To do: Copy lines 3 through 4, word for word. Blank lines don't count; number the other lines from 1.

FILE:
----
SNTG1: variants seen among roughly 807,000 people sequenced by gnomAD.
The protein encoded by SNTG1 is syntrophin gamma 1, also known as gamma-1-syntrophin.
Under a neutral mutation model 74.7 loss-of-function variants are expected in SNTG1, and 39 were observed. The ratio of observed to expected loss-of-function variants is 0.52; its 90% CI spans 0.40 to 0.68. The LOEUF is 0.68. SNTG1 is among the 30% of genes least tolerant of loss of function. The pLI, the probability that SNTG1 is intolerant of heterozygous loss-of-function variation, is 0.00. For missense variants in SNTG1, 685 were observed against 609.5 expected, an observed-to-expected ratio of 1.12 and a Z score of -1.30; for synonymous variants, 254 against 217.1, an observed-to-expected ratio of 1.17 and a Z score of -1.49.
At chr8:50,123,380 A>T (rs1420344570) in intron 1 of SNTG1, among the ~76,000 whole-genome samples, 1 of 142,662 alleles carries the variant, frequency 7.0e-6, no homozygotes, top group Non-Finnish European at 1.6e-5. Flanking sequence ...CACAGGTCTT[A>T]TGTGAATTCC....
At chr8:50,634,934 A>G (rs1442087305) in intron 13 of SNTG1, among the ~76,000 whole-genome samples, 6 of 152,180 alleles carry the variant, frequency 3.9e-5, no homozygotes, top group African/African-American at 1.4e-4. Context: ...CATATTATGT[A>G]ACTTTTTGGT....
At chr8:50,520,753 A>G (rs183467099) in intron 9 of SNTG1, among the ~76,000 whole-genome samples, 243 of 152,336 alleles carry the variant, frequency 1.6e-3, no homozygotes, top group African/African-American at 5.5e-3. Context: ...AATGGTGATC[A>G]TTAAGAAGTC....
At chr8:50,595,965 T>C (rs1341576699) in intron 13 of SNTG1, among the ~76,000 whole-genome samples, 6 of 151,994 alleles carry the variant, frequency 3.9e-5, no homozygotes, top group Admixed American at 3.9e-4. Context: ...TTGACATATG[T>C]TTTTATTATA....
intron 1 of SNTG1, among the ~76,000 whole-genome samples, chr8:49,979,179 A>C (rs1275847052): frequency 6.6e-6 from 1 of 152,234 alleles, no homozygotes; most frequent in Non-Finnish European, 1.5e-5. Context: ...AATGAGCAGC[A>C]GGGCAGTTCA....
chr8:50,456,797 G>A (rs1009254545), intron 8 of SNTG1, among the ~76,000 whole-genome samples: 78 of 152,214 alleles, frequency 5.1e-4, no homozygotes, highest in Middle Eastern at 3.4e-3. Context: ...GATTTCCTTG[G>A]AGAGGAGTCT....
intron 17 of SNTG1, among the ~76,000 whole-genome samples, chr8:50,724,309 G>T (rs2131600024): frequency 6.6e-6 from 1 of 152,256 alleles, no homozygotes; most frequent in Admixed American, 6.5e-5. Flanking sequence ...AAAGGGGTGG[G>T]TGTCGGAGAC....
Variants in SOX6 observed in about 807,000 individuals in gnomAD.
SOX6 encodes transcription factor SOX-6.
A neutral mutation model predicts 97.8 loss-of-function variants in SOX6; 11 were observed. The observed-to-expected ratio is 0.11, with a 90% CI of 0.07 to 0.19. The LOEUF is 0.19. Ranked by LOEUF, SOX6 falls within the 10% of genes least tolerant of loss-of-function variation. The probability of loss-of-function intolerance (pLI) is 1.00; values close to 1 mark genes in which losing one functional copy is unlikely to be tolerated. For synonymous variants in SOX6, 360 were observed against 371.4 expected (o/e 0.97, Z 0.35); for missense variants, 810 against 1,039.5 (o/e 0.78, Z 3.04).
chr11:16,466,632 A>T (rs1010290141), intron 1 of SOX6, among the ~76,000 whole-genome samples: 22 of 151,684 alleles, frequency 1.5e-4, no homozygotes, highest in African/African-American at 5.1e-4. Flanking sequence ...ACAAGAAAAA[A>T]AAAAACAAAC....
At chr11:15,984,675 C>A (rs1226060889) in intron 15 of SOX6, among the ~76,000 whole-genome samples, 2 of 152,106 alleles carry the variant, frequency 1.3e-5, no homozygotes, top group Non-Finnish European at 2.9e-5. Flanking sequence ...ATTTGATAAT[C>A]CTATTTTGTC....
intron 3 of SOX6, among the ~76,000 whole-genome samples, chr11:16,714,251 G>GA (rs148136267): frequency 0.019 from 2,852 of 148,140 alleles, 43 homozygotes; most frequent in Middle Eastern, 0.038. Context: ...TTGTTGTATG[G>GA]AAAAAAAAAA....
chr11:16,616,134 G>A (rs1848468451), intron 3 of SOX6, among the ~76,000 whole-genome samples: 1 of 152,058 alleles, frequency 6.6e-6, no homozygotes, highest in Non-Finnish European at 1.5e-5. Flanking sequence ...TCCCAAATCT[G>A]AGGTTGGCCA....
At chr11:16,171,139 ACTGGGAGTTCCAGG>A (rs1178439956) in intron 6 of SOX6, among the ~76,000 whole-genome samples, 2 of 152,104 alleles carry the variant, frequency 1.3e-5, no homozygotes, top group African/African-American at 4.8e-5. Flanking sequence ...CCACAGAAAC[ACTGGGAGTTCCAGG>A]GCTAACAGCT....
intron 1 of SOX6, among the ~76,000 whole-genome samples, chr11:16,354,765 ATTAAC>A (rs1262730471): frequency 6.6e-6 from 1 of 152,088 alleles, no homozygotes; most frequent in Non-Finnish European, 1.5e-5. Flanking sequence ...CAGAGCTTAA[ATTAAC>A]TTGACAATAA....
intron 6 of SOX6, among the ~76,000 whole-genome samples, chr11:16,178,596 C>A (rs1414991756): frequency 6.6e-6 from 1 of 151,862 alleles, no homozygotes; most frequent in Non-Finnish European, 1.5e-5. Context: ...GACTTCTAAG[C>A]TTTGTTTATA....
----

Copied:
Under a neutral mutation model 74.7 loss-of-function variants are expected in SNTG1, and 39 were observed. The ratio of observed to expected loss-of-function variants is 0.52; its 90% CI spans 0.40 to 0.68. The LOEUF is 0.68. SNTG1 is among the 30% of genes least tolerant of loss of function. The pLI, the probability that SNTG1 is intolerant of heterozygous loss-of-function variation, is 0.00. For missense variants in SNTG1, 685 were observed against 609.5 expected, an observed-to-expected ratio of 1.12 and a Z score of -1.30; for synonymous variants, 254 against 217.1, an observed-to-expected ratio of 1.17 and a Z score of -1.49.
At chr8:50,123,380 A>T (rs1420344570) in intron 1 of SNTG1, among the ~76,000 whole-genome samples, 1 of 142,662 alleles carries the variant, frequency 7.0e-6, no homozygotes, top group Non-Finnish European at 1.6e-5. Flanking sequence ...CACAGGTCTT[A>T]TGTGAATTCC....